For committers

When a new CVE is found in the CI, or raised by a user, follow those steps:

  1. analyse the CVE
    2. see if an upgrade is possible and in this case release of new version of the impacted extensions
    3. add a review so that users of the dashboard are informed of our analysis, see the documentation for more details about the expected format

How long does it take to fix a vulnerable dependency?

First, a new version with a security fix must be available, and for that we depend on the third-party maintainers. Additionally, if it happens that an upgrade is not possible due to some technical limitations, we can implement a security fix within XWiki to make the issue non-exploitable (also note that many CVEs provide ways to mitigate the identified vulnerability), following our security fix policy.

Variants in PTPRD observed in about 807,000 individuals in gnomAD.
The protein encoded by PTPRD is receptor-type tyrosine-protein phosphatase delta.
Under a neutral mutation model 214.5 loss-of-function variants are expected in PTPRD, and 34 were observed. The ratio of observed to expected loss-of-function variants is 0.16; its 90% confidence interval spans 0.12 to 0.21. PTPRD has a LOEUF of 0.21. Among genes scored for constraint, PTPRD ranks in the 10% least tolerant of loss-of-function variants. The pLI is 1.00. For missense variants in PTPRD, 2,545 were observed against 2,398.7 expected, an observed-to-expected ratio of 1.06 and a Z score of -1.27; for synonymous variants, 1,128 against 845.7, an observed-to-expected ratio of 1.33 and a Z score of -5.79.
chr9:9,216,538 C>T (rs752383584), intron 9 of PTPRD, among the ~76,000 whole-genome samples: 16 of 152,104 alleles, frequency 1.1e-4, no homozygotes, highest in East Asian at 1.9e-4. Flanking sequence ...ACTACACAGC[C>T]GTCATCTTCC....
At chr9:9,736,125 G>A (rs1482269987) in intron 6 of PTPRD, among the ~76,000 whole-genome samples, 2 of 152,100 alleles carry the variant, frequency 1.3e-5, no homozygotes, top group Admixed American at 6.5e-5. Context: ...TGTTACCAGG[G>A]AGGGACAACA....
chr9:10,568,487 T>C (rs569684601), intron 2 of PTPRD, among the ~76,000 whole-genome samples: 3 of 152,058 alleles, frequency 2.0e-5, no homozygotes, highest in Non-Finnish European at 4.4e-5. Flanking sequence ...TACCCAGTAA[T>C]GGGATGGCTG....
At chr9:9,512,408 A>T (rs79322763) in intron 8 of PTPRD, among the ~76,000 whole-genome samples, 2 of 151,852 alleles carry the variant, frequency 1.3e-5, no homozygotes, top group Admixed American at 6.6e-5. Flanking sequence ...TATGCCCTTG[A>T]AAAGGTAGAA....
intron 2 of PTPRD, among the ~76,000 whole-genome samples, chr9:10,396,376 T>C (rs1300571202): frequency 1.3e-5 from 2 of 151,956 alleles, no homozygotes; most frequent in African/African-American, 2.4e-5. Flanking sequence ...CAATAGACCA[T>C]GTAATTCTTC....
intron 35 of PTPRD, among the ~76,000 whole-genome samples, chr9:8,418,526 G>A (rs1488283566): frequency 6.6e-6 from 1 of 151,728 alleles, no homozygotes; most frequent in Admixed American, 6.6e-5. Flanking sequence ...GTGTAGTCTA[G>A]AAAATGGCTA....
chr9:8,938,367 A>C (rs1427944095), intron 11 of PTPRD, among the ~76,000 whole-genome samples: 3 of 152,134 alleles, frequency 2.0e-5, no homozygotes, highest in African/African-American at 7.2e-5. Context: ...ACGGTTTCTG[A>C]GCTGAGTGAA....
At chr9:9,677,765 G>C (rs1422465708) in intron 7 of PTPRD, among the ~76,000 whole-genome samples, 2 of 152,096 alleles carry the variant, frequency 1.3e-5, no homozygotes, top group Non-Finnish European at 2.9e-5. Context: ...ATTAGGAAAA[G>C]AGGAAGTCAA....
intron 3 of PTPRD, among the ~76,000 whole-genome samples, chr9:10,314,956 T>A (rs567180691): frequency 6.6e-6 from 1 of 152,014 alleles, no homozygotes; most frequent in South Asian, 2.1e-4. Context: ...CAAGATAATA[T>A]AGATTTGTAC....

Security Advisory template and information

For global information of creating a Github advisory, you can consult the official documentation: https://docs.github.com/en/code-security/security-advisories/repository-security-advisories/creating-a-repository-security-advisory.

You can find below a template to use for the content of a new security advisory:

### Impact

Describe here the impact of the vulnerability and provide information about the versions of XWiki impacted by it.

### Patches

Provide in the section the list of patched versions of XWiki. You can also provide some details about the patches.

### Workarounds

Provide information how to workaround the vulnerability when it's possible. If not possible, inform that users should upgrade to get the fix.

### References

You should list here the JIRA ticket(s) related to this vulnerability and when possible the commit that patches it, especially if that's a single one.
Don't hesitate to provide more pointers when they make sense.

### For more information

If you have any questions or comments about this advisory:
* Open an issue in [Jira XWiki.org](https://jira.xwiki.org/)
* Email us at [Security Mailing List](mailto:[email protected])

### Attribution

You can specify here who reported the issue.